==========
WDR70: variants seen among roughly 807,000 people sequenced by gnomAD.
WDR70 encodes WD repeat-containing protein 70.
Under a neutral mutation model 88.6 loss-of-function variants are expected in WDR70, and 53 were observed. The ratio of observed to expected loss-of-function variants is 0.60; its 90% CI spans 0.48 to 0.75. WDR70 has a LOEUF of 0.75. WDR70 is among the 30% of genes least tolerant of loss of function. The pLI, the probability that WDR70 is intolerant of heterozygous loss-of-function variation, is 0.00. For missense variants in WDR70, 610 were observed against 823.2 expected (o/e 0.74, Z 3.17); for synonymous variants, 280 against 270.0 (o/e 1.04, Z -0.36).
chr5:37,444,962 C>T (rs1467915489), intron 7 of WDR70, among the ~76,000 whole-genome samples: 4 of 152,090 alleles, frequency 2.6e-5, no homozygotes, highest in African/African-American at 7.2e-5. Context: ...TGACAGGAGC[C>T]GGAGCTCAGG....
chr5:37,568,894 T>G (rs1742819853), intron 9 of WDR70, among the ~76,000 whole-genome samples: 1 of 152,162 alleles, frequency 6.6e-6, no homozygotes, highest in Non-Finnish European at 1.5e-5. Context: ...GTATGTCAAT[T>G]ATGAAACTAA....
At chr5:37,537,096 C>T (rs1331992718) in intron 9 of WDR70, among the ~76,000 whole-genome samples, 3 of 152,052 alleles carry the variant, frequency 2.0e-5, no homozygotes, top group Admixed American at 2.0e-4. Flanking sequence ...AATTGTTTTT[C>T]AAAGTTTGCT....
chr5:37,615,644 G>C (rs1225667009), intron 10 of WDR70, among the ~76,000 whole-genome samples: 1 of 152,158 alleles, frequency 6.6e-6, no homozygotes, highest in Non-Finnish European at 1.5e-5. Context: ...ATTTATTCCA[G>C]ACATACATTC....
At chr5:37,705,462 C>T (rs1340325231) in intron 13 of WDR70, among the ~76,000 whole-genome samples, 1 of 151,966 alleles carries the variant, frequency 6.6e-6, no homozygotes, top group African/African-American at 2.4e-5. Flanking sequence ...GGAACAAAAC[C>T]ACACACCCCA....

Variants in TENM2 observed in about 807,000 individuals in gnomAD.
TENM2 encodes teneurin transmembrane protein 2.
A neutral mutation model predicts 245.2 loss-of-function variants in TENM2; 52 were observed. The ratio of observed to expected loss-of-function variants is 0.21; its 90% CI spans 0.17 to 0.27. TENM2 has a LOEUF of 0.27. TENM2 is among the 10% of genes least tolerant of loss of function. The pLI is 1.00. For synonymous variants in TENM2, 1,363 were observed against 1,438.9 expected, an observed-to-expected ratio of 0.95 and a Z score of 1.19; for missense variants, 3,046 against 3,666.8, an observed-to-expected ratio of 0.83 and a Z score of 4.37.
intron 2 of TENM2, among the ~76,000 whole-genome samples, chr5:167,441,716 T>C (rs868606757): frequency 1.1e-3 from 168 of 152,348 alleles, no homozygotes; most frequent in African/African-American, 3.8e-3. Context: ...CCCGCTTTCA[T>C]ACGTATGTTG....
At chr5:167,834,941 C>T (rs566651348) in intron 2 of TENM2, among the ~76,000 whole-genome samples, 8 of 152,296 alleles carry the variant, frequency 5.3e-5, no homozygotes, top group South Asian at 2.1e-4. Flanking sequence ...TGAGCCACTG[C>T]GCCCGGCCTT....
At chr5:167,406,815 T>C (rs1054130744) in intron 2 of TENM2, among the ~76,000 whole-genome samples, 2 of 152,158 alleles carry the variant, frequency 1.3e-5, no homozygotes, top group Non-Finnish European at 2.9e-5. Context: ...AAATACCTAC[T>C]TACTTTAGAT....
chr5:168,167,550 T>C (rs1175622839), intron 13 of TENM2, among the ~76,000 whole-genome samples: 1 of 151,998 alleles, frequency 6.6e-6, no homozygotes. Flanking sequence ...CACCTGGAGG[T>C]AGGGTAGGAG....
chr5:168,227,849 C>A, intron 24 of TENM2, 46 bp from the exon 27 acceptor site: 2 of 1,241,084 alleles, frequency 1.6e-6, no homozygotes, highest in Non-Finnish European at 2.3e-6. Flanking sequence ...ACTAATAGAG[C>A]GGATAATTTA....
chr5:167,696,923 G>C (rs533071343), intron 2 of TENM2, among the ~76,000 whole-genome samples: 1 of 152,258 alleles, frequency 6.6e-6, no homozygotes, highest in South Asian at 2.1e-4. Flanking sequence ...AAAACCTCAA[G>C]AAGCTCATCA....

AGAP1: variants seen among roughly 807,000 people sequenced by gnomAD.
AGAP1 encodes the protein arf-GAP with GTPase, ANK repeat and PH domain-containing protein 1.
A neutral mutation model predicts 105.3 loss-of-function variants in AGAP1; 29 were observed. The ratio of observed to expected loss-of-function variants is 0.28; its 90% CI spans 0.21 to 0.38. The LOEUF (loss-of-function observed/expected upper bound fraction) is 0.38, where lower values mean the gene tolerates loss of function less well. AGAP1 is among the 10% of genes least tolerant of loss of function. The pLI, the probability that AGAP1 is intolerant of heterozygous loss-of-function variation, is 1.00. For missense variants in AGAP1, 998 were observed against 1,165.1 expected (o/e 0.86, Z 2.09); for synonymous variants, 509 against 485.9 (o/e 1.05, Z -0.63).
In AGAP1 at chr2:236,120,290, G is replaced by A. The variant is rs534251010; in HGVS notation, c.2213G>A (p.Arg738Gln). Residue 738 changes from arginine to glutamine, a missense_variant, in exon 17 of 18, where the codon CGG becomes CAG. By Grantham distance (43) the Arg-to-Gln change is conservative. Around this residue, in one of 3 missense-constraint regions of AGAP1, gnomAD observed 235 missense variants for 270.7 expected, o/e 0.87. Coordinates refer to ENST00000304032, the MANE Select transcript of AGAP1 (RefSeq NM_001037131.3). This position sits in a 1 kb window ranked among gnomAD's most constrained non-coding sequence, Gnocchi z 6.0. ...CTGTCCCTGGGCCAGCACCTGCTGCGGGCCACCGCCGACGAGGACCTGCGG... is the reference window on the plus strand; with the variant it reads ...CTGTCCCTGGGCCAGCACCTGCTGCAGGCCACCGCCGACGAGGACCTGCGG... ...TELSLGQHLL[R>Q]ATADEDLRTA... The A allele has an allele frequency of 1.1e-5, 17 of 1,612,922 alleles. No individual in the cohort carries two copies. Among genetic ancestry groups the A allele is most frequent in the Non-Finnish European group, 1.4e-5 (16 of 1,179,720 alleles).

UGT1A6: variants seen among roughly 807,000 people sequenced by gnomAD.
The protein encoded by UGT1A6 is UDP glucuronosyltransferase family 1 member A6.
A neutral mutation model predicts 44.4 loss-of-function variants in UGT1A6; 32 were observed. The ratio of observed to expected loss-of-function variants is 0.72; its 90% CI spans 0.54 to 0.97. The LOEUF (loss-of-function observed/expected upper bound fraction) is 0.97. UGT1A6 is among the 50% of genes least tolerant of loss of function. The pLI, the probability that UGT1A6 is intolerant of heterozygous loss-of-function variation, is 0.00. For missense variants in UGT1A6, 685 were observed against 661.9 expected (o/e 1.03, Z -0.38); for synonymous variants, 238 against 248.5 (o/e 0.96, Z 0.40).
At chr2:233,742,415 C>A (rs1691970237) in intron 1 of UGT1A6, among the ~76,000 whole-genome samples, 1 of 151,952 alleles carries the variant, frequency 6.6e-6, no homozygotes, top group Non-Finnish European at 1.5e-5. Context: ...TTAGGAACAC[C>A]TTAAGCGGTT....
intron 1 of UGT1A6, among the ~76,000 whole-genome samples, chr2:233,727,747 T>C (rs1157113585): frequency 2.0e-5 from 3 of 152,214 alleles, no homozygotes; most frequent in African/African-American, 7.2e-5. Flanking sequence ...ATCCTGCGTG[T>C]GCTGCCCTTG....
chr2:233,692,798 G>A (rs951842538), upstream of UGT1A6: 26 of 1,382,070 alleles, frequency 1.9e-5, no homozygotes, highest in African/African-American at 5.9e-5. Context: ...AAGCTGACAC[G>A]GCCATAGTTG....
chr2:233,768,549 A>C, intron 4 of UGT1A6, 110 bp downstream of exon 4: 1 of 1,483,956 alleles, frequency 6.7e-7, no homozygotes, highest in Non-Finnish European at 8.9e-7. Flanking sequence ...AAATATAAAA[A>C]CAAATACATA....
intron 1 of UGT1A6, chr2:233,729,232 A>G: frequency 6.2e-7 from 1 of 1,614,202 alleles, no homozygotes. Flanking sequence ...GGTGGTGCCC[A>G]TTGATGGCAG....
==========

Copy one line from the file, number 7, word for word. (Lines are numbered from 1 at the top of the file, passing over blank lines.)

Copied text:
chr5:37,615,644 G>C (rs1225667009), intron 10 of WDR70, among the ~76,000 whole-genome samples: 1 of 152,158 alleles, frequency 6.6e-6, no homozygotes, highest in Non-Finnish European at 1.5e-5. Context: ...ATTTATTCCA[G>C]ACATACATTC....